The great effect of pressure drop upon temperature requirements to produce a hydrocarbon product having a 1 percent sulfur content is demonstrated by reference to FIG. 3. In FIG. 3 the solid line represents a hydrodesulfurization process having a constant hydrogen partial pressure of 1830-1850 p.s.i.a. The dashed line represents a decreasing hydrogen partial pressure starting with the 1830-1850 p.s.i.a. range and decreasing to a range of 1720-1740 p.s.i.a. which reduction is caused by the recycle hydrogen stream becoming progressively diluted with other gases. FIG. 3 shows that as the hydrogen partial pressure progressively decreases the temperature required to produce a 1 percent sulfur product progressively increases, so that it is considerably above the temperature required with constant hydrogen partial pressure. Since pressure drop due to flow across a catalyst bed similarly reduces partial hydrogen pressure, FIG. 3 illustrates the detrimental effect upon reaction temperature of pressure drop through a catalyst bed of the preferred embodiment of this invention.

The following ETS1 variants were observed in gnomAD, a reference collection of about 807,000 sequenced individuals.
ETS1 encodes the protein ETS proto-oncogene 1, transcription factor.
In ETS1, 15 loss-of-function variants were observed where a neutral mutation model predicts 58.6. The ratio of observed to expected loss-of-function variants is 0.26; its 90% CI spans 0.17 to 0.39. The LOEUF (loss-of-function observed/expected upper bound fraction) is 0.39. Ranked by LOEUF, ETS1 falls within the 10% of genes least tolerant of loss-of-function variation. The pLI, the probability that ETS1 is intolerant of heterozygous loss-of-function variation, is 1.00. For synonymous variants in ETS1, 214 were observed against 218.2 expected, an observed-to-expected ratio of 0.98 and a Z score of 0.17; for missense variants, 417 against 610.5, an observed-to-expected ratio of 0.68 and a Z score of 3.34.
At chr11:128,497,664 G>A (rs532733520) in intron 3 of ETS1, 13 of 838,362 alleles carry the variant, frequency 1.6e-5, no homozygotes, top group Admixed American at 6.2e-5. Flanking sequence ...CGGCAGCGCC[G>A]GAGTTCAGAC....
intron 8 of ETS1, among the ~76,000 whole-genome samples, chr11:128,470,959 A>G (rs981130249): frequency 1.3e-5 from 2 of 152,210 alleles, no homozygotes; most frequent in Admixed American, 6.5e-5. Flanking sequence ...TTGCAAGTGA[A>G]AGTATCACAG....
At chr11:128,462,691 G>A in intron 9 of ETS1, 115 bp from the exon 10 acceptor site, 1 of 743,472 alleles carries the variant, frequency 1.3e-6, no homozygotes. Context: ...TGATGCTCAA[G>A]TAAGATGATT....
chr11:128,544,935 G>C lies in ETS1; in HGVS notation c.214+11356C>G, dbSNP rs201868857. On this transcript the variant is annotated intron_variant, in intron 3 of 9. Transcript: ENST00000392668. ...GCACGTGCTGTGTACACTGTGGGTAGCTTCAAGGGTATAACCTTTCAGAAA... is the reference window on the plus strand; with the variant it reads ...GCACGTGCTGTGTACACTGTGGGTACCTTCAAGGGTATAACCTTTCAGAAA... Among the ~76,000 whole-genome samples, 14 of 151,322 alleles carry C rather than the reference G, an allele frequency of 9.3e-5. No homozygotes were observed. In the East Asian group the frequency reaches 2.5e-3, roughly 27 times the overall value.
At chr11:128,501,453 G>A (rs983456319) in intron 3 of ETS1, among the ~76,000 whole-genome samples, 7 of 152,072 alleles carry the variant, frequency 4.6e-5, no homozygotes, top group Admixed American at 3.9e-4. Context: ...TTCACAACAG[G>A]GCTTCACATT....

The charge to the process of the preferred embodiment of this invention can be a full crude or a reduced crude containing substantially all of the residual asphaltenes of the full crude. The residual asphaltenes are deficient in hydrogen and comprise only about percent of the charge oil but contain substantially all of the metallic components present in the crude, such as nickel and vanadium. Since the desulfurization catalyst has a greater activity for demetalization than for desulfurization, it removes nickel and vanadium from a charge stock more rapidly than it removes sulfur. These metals deposit most heavily on the outermost regions of the catalyst cross section and tend to reduce the desulfurization activity of the catalyst. Nickel and vanadium removal constitutess substantially the entire deactivation of the catalyst while sulfur and nitrogen removal contributes very little to catalyst deactivation. Furthermore, the asphaltenes comprise the highest boiling fraction of the full crude and contain the largest molecules in the crude. These large molecules are the ones least able to penetrate catalyst pores and most likely to plug these pores. The preferred embodiment of the present invention is directed towards the hydrodesulfurization of a full crude or a residual oil containing substantially the entire asphaltene fraction of the crude from which it is derived and which therefore contains to 99 weight percent or more of the nickel and vanadium content of the full crude. The nickel, vanadium, and sulfur content of the liquid charge can vary over a wide range. For example, nickel and vanadium can comprise 0.002 to 0.03 weight percent (20 to 300' parts per million) or more of the charge oil while sulfur can comprise about 2 to 6 weight percent or more of the charge oil. If an oil containing smaller quantities of nickel, vanadium and sulfur is processed, such as a furnace oil, considerably lower temperature conditions, pressures as low as 1000 pounds per square inch, lower gas circulation rates and hydrogen of lower purity than required by the preferred embodiment of this invention, will suffice to produce a liquid product containing 1 percent sulfur, and therefore the process of the preferred embodiment of the present invention will not be essential.